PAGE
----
Local Soccer: Bruchian wants to see Arabs play for Betar

Local Soccer Bruchian w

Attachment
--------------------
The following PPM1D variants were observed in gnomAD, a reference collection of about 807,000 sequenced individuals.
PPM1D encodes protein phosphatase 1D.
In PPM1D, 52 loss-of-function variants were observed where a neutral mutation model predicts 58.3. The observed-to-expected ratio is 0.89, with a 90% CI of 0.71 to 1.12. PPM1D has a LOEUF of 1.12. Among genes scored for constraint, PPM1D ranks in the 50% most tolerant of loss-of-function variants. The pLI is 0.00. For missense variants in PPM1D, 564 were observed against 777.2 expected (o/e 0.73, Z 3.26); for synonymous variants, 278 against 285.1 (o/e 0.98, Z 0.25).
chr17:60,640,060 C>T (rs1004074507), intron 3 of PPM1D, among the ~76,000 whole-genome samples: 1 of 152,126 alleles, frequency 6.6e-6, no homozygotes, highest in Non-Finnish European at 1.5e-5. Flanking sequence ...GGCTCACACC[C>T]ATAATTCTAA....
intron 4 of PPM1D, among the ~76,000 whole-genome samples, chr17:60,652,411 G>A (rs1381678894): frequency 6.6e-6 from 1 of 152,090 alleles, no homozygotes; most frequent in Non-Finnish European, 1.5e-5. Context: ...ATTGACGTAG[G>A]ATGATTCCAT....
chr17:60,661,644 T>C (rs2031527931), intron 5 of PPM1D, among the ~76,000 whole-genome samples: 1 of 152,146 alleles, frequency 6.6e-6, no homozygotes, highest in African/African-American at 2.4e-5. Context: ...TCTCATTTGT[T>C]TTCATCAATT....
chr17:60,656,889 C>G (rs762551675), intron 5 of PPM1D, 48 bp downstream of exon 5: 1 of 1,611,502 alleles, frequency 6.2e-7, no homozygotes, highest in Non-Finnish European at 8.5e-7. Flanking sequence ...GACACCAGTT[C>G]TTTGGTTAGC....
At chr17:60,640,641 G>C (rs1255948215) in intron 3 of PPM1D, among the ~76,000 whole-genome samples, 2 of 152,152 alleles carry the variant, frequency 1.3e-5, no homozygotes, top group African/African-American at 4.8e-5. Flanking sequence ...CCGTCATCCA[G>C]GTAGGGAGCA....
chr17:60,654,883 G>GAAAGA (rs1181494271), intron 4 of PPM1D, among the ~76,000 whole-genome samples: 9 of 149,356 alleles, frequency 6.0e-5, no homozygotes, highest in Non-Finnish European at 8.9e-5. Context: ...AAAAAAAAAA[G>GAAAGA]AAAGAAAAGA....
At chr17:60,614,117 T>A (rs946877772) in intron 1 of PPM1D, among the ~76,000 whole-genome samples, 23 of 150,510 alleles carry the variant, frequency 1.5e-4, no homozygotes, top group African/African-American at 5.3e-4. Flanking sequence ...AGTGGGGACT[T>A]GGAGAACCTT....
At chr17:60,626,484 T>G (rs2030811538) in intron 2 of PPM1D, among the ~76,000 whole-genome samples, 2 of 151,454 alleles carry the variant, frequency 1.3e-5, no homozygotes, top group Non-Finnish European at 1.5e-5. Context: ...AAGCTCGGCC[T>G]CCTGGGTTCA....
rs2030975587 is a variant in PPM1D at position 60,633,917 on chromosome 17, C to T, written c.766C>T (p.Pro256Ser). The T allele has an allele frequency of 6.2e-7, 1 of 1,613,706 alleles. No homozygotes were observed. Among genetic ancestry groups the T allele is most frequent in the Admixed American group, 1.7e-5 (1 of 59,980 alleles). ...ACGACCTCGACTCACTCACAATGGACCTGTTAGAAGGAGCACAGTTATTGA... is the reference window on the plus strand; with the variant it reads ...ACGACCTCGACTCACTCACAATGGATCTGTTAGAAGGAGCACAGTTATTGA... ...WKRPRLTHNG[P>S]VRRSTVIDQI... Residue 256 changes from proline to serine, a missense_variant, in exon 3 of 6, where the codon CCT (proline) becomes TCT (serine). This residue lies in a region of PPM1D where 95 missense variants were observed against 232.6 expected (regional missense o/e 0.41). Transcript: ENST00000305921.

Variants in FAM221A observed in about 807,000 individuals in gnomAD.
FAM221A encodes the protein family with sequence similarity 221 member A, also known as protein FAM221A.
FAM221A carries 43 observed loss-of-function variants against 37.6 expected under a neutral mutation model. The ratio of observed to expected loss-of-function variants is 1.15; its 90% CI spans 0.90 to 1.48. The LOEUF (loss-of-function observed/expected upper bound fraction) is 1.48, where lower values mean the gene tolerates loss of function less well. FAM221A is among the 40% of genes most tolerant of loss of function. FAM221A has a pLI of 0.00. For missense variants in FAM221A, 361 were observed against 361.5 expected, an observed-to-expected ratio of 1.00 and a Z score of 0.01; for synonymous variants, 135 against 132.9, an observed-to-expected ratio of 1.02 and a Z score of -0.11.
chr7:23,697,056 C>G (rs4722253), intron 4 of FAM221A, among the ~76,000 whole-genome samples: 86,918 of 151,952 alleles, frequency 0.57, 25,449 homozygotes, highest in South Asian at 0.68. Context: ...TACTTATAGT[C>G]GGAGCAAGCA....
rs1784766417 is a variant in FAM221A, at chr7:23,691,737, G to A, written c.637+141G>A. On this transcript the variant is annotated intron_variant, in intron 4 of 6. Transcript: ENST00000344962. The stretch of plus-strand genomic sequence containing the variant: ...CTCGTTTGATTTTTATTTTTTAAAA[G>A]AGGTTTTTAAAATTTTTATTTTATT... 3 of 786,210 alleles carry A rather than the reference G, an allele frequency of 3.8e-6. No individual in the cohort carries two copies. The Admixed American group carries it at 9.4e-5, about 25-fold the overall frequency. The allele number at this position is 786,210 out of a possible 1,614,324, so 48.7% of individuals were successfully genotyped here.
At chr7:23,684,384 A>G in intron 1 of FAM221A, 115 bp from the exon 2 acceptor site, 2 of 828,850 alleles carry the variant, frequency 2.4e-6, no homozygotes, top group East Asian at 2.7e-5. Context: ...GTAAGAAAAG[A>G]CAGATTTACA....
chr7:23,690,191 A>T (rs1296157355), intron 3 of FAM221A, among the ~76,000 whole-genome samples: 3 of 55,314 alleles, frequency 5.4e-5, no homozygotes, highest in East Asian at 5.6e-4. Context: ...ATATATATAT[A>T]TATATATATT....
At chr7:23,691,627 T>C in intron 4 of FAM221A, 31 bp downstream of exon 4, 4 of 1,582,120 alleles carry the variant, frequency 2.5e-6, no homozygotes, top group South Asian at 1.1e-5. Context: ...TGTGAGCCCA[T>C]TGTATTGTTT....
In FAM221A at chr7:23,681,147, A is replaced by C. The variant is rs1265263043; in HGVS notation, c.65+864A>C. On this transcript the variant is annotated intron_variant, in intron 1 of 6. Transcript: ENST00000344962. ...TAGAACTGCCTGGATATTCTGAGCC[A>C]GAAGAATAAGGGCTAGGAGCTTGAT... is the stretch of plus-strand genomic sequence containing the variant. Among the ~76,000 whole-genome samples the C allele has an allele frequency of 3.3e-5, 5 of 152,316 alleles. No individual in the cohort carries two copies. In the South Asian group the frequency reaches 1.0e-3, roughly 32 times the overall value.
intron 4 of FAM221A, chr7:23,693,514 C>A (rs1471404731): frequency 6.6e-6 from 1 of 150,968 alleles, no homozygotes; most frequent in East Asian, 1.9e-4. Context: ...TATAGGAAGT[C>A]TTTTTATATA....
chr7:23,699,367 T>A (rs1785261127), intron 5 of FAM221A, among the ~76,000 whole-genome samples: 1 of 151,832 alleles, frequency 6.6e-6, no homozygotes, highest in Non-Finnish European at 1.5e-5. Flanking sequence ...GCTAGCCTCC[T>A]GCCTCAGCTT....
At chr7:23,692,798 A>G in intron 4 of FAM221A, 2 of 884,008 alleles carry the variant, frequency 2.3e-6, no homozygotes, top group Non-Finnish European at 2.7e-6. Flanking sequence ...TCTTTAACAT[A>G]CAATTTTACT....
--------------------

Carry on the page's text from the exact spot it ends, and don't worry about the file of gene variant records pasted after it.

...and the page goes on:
Betar Jerusalem captain Aviram Bruchian tested the stormy waters of racism on Wednesday night, hoping that his club's record of never signing an Arab player soon becomes history. "Personally, I would be happy to have an Arab player on Betar," Bruchian said, speaking at an event at Jerusalem's City Hall organized by Kick It Out - a New Israel Fund initiative aimed at ridding racism and violence from Israeli soccer. "I have a lot of Arab friends that play soccer in Israel. But I don't think that the Betar fans are ready for it." Betar is the only Israeli club to have never signed an Arab player, and according to Bruchian, many of its fans would like that distinction to remain. "At this point, it seems as though the Betar fans don't want it to happen," he said. "Sadly, racism still exists in the stands of our stadium. I wish I could say that it doesn't. But I do think that we're on the path to getting rid of it." Betar owner Arkadi Gaydamak raised the possibility of signing an Arab player when he first took over at the club in 2005, but backed off after angry reactions from groups of Jerusalem supporters. Current main sponsor Guma Aguiar has done his best to avoid confronting the issue, telling The Jerusalem Post in May that he is "not going to contract an Arab player just to be politically correct." "It's all about talent," Aguiar said. "Unless the entire team agrees that this guy belongs on the team and every single person would think he will be a huge success. He's got to be better than the Brazilians." At one point during a panel discussion of Israeli players at various professional levels on Wednesday, Bruchian asked Shai Aharon, captain of Hapoel Jerusalem in the National League, whether Israel had made progress in eradicating racism from the soccer field. "We'll have made progress when that question doesn't have to be asked," Aharon answered. Jerusalem Mayor Nir Barkat also spoke at the event, but left before Bruchian's comments. Bruchian and Aharon spoke to hundreds of youth players from eight Jewish and Arab teams around Jerusalem. "We need to allow the voices of these players to be heard," said Itzik Shanan, NIF director of communications in Israel and founder of Kick It Out. "In Europe, the players have played a big part in fighting racism in the stadiums, but it hasn't happened as much in Israel. They are tremendous role models for their fans and for future generations of soccer players. Bruchian and Aharon are both outspoken, talented, articulate players, and they want widespread change." Jeremy Last contributed to this report.